Frank's Closet

Music and Lyrics by Stuart Wood
Hoxton Hall

Publicity photo

Described as 'a Music Hall Musical' this is a show that couldn't be more perfectly placed than in Hoxton Hall, purpose built as a music hall in 1863 and one of Britain's five relatively complete survivors of the old-style supper-room. It is not that it is a music hall bill in the traditional sense - it's a modern musical, but it closely reflects music hall traditions and celebrates a succession of divas from Marie Lloyd, the queen of the halls right through to ABBA's Agnetha Faltskog.

The framing is a rather skeletal plot of a young man about to be married clearing our all the frocks in his closet and at the same time facing up to being himself. With a band that often swamps the singers and, for some reason, an en travestie Frank whose consonant-reduced American version of what might have been cockney was often incomprehensible in spoken dialogue, I was uncertain whether it was a straight marriage he was getting cold feet about because he really loved a guy called Allan or whether it was a civil-partnership with Allan that he was having second thoughts about.

In a small hall that is said to have an excellent acoustic was there really a need for amplification anyway? Perhaps my particular position in the first gallery didn't help, for Miss Donna King, who is a spirited performer who reached moments of Miss Liza Minnelli-like show-biz vitality, was clearly getting her laughs from some better placed parts of the audience.

While playing Frank en travestie echoed the music hall tradition and, in the opening sequence in a top-hat doubling as a song-room chairman, the impression is of a Vesta Tilley-like Burlington Bertie, which confuses any gay politics message in the gender bending, for Frank is not a girl throwing her tailcoats out of the wardrobe but a young man leaving the closet and ditching his female glad rags and it doesn't match up to the fact that the frocks (which end up in a crate destined for the V & A Theatre Collections) all represent divas - who are wonderfully performed by the talented Mr Carl Mullaney. He is performer whose range takes in Julie Andrews, Ethel Merman, Karen Carpenter and Judy Garland as well as Miss Lloyd and Miss Faltskog - and I'm sure there are more in his repertoire than this one act entertainment had time for.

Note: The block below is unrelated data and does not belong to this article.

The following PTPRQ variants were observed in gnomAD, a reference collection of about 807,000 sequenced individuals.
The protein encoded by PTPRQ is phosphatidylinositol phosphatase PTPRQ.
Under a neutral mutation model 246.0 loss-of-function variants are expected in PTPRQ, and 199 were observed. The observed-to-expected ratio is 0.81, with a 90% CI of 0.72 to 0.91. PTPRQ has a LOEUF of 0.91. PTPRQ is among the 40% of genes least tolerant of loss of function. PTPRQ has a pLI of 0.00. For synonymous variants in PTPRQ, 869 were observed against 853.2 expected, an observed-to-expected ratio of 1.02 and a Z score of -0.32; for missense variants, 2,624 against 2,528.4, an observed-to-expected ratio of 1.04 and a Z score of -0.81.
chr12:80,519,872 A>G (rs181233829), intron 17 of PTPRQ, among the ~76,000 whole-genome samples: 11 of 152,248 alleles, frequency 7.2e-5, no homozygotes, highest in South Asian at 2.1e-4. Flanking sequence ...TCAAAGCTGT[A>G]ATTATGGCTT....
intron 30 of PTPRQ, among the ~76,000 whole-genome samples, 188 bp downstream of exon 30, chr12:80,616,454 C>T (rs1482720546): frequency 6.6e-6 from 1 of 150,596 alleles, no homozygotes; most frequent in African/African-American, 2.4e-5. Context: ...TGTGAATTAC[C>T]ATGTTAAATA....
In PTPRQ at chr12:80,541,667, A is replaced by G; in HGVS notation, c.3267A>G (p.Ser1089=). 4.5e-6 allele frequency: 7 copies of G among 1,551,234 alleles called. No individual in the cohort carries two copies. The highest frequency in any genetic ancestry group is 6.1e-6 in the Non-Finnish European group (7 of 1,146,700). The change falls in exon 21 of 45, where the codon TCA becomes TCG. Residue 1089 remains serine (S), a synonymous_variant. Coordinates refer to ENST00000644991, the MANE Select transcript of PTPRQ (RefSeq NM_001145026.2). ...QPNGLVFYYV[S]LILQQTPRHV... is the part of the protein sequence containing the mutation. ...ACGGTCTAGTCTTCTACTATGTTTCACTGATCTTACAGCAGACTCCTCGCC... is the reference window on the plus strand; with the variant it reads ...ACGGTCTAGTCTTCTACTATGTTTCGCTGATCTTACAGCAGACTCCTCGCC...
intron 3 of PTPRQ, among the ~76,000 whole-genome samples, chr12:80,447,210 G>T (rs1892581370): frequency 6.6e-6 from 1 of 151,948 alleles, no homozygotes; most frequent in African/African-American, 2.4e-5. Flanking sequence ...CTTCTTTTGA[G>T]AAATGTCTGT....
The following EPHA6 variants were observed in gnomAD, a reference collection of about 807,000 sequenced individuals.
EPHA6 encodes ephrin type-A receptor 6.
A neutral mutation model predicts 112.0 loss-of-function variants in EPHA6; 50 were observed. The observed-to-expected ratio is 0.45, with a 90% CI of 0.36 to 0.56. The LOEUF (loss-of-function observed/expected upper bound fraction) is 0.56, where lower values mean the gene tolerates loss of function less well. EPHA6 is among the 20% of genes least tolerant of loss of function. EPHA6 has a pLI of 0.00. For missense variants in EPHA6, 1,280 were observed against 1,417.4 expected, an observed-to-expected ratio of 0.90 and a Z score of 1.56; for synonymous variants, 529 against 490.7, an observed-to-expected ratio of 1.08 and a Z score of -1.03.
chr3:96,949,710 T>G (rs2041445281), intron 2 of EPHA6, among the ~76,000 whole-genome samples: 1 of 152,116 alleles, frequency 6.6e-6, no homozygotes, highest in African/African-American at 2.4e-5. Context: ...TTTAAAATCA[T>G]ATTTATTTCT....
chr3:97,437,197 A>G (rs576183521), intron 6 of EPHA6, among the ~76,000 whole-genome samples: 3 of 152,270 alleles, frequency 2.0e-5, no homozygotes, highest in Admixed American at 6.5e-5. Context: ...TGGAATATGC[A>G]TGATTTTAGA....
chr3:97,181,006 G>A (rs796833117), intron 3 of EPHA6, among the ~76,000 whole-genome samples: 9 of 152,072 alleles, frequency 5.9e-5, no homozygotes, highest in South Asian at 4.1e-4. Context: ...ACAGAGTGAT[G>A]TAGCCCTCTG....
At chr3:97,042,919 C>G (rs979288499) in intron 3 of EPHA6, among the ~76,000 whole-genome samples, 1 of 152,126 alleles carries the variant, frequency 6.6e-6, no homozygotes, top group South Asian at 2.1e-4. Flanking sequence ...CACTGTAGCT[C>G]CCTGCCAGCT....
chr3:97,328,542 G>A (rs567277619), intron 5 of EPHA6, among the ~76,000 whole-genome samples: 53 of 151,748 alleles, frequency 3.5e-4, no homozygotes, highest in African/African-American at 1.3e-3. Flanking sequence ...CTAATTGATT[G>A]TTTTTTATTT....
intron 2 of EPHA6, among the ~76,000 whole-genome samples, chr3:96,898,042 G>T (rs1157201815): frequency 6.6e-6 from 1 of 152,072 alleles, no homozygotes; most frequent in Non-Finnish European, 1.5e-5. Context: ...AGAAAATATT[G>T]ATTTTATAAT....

"If the world were a Music Hall and I were a song," sings Frank, and Mr Stuart Wood's infectious numbers have the liveliness of the old tradition and are performed with great brio by his cast. Mr Mullaney would steal the show were it not for the enthusiastic energy of them all. There is little space at Hoxton for a line of chorus girls but Miss Debbie McGee, Miss Portia Emare and Mr David Furnell (sporting a gravelly voice and a very ample bust) have the energy of thrice their number and are dazzlingly joined by the bare-chested dancing duo of Messrs Bruno Serravallo and Clio Souza Oliveira who are a cross between Chipperfields and Mae West's support team.

Ian Burton's direction keeps things lively and, with lavish costumes and a setting by Catherine Phelps that suggests a toy theatre redrawn by John Minton, this is a thoroughly enjoyable seventy minutes (without interval). It didn't matter if I sometimes lost the plot or missed a lyric: the whole is much more than its parts. From the smoky opening with (near) naked bodies embracing on the stage as fairies wave electric wands and a top-hatted gent and lady descend to join them to the tinsel confetti of its ending, this is a celebration of delicious high camp rather than crusading gay lib. The first night audience clearly enjoyed it as much as I did and would probably have encored the whole show if they had been given the chance.

Until 25th July 2009

Reviewer: Howard Loxton

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